The Better Care Fund: do the sums add up?

Andy McKeon comments on sources of funding for the Better Care Fund.

Blog post

Published: 08/05/2014

Yesterday's Guardian reports that the Government’s plans for the Better Care Fund have been put on hold as the Cabinet Office demand that the Department of Health do more to explain how the savings needed to pay for it will be secured. Government sources have been quick to dampen speculation that this signals trouble for the plans.

But the question reportedly asked by the Cabinet Office is exactly the right one, albeit at an odd time, as the Bill to set up the Fund is going through its very final stages in the House of Lords.

The fund is scheduled to start next financial year. It pools £3.8 billion for local authorities and clinical commissioning groups (CCGs) to spend jointly on social services and community services. Most of the money comes from the NHS. None of it is ‘new’.

About half is already being spent on these services. The rest, £1.9 billion, will come from the NHS, with the money being withdrawn from acute hospitals on the basis that better services in the community will result in fewer people being admitted to hospital.

I would be surprised if the Fund didn’t go ahead despite the obvious risks. Too much has been invested in it politically

Getting closer integration between health and social care is a good thing. But the arithmetic is truly heroic. NHS England says emergency admissions will have to reduce by 15 per cent to pay for the investment in the Fund. Some are even more ambitious. One CCG plans for a 30 per cent cut in emergency admissions from an already relatively low base to pay for extra community nurses.

I have no doubt that the plans being made by CCGs and local authorities will show the necessary savings. The Department will be able to demonstrate this to the Cabinet Office if that is what they are required to do. But then, any plan can be made to add up. The issues are how reliable are the assumptions and what happens if they prove to be wrong.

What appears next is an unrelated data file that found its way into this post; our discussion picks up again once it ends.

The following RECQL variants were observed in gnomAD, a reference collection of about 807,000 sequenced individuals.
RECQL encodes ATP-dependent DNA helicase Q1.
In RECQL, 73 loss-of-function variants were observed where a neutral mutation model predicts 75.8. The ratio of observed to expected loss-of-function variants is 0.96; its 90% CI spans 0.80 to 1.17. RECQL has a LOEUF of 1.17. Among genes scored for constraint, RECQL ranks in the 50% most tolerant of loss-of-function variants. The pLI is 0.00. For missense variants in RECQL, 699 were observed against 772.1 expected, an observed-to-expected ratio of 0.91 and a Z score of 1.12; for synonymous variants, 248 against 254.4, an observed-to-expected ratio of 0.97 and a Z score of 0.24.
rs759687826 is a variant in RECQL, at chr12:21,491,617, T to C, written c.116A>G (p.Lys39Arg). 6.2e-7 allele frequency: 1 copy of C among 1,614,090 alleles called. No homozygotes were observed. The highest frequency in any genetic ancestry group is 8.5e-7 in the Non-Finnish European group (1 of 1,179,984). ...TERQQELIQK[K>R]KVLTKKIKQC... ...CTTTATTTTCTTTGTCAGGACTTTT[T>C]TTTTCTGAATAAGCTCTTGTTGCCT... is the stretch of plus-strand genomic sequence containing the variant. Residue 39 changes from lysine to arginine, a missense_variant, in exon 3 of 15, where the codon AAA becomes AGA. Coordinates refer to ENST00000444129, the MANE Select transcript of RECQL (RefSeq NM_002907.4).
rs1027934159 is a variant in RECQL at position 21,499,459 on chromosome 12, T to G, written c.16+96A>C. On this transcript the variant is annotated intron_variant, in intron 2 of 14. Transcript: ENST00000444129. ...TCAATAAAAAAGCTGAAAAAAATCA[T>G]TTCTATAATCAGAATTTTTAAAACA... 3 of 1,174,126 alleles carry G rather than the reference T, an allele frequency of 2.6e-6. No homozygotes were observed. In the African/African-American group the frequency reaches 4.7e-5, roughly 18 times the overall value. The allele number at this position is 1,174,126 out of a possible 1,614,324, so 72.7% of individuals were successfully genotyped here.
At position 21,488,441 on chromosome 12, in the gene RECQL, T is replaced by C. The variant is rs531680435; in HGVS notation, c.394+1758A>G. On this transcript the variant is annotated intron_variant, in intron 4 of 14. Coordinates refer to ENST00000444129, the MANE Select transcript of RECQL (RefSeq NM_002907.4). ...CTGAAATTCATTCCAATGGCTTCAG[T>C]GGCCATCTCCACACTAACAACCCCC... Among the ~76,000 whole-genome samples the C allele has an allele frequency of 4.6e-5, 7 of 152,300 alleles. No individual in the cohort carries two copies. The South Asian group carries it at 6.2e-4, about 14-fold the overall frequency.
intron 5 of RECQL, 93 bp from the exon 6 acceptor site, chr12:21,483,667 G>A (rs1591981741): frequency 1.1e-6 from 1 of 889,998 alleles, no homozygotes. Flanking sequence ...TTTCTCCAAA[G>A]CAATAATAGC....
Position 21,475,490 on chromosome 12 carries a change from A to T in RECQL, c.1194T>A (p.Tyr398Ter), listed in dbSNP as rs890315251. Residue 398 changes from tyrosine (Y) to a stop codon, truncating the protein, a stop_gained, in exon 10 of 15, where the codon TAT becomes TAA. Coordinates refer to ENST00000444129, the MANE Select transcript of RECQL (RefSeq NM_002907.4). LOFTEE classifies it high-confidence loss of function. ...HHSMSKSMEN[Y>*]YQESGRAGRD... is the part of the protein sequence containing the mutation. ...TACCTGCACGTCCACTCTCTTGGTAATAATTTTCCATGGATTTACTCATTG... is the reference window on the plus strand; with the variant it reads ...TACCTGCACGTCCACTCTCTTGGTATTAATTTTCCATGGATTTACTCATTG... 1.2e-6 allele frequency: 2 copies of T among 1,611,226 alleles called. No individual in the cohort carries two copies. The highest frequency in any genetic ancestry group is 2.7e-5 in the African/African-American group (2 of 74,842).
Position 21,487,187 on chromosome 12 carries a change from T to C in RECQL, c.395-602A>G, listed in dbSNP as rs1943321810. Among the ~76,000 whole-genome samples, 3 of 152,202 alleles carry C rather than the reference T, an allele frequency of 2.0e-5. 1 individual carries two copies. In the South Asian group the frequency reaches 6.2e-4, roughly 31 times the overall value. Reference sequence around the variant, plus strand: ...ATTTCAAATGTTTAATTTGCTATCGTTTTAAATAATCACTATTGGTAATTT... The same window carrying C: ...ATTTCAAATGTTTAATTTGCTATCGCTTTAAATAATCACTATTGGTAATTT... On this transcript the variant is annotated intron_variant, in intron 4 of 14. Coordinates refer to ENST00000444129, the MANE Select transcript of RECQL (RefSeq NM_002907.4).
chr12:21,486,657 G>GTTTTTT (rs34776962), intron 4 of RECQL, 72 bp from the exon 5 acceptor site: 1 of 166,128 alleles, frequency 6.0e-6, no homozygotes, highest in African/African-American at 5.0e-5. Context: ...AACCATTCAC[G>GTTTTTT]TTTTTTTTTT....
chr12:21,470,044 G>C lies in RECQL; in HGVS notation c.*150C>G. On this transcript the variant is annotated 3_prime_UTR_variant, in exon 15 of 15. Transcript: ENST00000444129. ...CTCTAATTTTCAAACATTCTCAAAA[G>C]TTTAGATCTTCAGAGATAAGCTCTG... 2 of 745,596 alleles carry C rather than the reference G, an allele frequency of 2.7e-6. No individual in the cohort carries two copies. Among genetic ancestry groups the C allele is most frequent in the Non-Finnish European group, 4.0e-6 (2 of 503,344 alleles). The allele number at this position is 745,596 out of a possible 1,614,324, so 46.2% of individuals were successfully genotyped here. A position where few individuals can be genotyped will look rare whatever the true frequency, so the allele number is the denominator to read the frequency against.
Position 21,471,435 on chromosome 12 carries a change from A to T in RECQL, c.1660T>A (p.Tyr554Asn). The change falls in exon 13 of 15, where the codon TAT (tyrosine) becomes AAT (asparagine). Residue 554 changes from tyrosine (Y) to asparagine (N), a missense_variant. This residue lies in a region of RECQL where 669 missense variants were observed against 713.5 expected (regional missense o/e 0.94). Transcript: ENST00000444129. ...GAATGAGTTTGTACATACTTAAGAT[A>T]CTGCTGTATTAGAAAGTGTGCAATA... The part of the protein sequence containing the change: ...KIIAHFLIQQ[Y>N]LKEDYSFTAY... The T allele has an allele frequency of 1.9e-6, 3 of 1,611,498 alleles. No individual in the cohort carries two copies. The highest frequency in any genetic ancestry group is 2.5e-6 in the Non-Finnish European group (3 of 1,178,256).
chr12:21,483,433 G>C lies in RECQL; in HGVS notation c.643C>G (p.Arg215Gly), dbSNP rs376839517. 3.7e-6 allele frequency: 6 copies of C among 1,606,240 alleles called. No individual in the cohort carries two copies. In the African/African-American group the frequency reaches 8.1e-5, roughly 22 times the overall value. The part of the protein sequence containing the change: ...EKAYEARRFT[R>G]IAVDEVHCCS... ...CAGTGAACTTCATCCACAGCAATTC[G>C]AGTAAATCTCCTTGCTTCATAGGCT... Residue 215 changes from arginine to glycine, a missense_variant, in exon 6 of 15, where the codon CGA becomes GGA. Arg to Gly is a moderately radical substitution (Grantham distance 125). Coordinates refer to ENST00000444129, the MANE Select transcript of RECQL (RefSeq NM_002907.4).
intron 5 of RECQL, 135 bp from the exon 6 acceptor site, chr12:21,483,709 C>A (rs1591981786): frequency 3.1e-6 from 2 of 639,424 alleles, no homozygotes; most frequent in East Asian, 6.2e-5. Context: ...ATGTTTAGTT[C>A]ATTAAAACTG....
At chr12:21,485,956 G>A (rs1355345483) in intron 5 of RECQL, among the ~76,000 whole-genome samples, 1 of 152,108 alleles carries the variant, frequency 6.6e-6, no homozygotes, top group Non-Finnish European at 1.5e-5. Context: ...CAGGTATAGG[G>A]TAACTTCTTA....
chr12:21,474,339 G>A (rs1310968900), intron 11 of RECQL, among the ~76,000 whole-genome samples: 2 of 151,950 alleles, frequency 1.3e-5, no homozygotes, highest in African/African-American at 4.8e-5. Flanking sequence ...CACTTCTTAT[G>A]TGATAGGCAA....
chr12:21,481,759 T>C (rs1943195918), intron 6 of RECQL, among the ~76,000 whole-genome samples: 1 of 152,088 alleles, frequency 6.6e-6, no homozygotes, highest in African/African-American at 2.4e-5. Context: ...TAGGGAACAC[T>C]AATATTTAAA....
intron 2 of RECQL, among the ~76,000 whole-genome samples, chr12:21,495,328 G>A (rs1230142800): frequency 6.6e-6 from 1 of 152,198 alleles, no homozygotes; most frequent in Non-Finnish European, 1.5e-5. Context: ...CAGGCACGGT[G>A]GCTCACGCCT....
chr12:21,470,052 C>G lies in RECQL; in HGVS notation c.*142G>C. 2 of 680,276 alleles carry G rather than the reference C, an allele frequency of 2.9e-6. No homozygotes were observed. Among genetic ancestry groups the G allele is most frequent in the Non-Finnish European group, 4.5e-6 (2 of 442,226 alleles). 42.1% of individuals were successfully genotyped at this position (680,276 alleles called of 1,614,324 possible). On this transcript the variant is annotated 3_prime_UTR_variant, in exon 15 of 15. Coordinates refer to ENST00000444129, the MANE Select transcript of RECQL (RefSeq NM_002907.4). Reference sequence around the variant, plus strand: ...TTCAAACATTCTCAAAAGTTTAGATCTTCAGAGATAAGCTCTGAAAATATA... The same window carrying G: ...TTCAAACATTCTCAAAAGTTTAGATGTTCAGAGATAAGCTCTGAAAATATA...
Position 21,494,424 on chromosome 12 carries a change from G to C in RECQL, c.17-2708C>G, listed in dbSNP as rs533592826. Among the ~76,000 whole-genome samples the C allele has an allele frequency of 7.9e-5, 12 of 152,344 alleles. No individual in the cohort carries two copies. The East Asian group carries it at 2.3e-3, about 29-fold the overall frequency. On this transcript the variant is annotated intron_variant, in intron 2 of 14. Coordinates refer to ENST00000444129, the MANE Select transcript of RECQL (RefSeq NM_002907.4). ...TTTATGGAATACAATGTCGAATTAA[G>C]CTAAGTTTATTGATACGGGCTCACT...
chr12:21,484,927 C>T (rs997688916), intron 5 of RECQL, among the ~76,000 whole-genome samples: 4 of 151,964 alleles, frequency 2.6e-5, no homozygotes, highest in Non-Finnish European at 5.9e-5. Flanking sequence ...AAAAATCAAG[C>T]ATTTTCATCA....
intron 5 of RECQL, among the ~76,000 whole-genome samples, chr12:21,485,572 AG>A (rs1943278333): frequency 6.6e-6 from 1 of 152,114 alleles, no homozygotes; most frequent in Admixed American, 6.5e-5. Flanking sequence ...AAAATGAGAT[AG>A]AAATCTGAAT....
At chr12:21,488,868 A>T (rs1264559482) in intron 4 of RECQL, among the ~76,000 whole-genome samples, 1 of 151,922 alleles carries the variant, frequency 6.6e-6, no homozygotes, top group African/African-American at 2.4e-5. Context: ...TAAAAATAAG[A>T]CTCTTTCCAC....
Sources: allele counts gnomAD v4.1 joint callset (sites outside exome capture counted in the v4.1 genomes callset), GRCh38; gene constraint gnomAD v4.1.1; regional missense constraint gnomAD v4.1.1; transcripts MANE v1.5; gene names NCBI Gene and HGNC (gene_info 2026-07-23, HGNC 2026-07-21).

Emergency admissions have been rising inexorably for several years. Even holding them steady would be a major achievement, let alone cutting them by 15 per cent. There is no evidence from pilot schemes or even larger experiments that a shift of this size can be achieved across the country in the time available. Indeed, quite the contrary.

Acute hospitals are already struggling to meet their financial duties. Over a third are in deficit with the numbers rising year on year. They are finding it increasingly difficult to meet their existing annual four per cent efficiency target which the Better Care Fund would increase to eight per cent, if the entire Fund comes from the acute hospital sector.

The most likely scenario is that a significant amount of current investment will be rebadged as being part of the Better Care Fund: more will be invested in community services, there will be little impact on emergency admissions and more acute hospitals will go into the red with inevitable consequences for the service they can provide.

Perversely this could result in emergency admissions dropping, but through bed and staff cuts not through better care community services, which is not the outcome patients and the public would want.

I would be surprised if the Fund didn’t go ahead despite the obvious risks. Too much has been invested in it politically. Ministers use the existence of the fund to argue that pooling budgets between health and social care will result in major savings, so easing if not removing entirely the financial squeeze on the service. Opposition front bench spokesmen take a similar view.

If the Fund were not to go ahead both would have to find different, and much better, answers in the short term (i.e. pre-election) to how services can be maintained and even grow during the next five years of austerity in the face of rising demand.

Local authorities see this as a way of plugging some of the gaps appearing in social care following five years of cuts in funding. It is also an opportunity to demonstrate their credentials for taking over more of the NHS budget, as favoured by some politicians.

Some in the NHS see this as their opportunity as well to get more investment in their service after a period of cuts.

But, as ever, it’s easy to attack the flawed arithmetic and much harder to identify a way forward. So what should happen next? There are potentially very positive contributions extra investment in community and social services could make.

First, it could focus on extended stays in hospital. Second, it could become a pump-priming fund for the redesign of primary care. But any switch in funding from one health sector to another isn’t going to quickly produce a saving of the magnitude required to make it pay for itself.

There is much riding on the plans for the Fund going ahead and many arguing for it. Whether anybody will want to own it quite as much after its first year of operation is another matter.

This blog was first posted on the Public Finance website.

Suggested citation

McKeon A (2014) ‘The Better Care Fund: do the sums add up?’. Nuffield Trust comment, 8 May 2014.